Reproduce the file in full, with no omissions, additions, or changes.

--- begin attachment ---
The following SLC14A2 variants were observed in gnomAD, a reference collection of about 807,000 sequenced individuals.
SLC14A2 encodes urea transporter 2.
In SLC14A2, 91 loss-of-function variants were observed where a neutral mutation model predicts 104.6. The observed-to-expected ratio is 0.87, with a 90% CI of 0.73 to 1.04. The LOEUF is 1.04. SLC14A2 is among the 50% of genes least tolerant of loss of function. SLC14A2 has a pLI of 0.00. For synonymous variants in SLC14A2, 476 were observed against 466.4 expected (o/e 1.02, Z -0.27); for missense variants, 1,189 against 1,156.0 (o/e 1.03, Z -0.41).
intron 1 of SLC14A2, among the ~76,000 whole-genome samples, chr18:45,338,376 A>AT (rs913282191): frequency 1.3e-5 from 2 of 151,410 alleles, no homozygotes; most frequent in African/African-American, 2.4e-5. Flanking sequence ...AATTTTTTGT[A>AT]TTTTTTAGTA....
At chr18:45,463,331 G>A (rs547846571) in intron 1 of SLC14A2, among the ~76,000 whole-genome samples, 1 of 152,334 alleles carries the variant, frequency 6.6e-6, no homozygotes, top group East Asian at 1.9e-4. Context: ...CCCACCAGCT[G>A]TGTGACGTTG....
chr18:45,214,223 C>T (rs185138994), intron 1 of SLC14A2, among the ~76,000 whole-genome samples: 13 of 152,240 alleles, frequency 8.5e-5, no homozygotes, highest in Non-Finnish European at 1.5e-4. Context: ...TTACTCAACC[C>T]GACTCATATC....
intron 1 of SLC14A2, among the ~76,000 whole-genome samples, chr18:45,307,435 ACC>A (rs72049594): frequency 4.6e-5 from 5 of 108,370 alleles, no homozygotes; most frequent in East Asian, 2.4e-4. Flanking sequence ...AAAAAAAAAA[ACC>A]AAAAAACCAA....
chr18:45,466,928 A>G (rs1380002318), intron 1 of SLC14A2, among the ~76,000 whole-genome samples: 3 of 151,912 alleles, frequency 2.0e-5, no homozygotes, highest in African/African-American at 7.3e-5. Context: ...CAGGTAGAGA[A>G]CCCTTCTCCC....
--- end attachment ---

The following SLC14A2 variants were observed in gnomAD, a reference collection of about 807,000 sequenced individuals.
SLC14A2 encodes urea transporter 2.
In SLC14A2, 91 loss-of-function variants were observed where a neutral mutation model predicts 104.6. The observed-to-expected ratio is 0.87, with a 90% CI of 0.73 to 1.04. The LOEUF is 1.04. SLC14A2 is among the 50% of genes least tolerant of loss of function. SLC14A2 has a pLI of 0.00. For synonymous variants in SLC14A2, 476 were observed against 466.4 expected (o/e 1.02, Z -0.27); for missense variants, 1,189 against 1,156.0 (o/e 1.03, Z -0.41).
intron 1 of SLC14A2, among the ~76,000 whole-genome samples, chr18:45,338,376 A>AT (rs913282191): frequency 1.3e-5 from 2 of 151,410 alleles, no homozygotes; most frequent in African/African-American, 2.4e-5. Flanking sequence ...AATTTTTTGT[A>AT]TTTTTTAGTA....
At chr18:45,463,331 G>A (rs547846571) in intron 1 of SLC14A2, among the ~76,000 whole-genome samples, 1 of 152,334 alleles carries the variant, frequency 6.6e-6, no homozygotes, top group East Asian at 1.9e-4. Context: ...CCCACCAGCT[G>A]TGTGACGTTG....
chr18:45,214,223 C>T (rs185138994), intron 1 of SLC14A2, among the ~76,000 whole-genome samples: 13 of 152,240 alleles, frequency 8.5e-5, no homozygotes, highest in Non-Finnish European at 1.5e-4. Context: ...TTACTCAACC[C>T]GACTCATATC....
intron 1 of SLC14A2, among the ~76,000 whole-genome samples, chr18:45,307,435 ACC>A (rs72049594): frequency 4.6e-5 from 5 of 108,370 alleles, no homozygotes; most frequent in East Asian, 2.4e-4. Flanking sequence ...AAAAAAAAAA[ACC>A]AAAAAACCAA....
chr18:45,466,928 A>G (rs1380002318), intron 1 of SLC14A2, among the ~76,000 whole-genome samples: 3 of 151,912 alleles, frequency 2.0e-5, no homozygotes, highest in African/African-American at 7.3e-5. Context: ...CAGGTAGAGA[A>G]CCCTTCTCCC....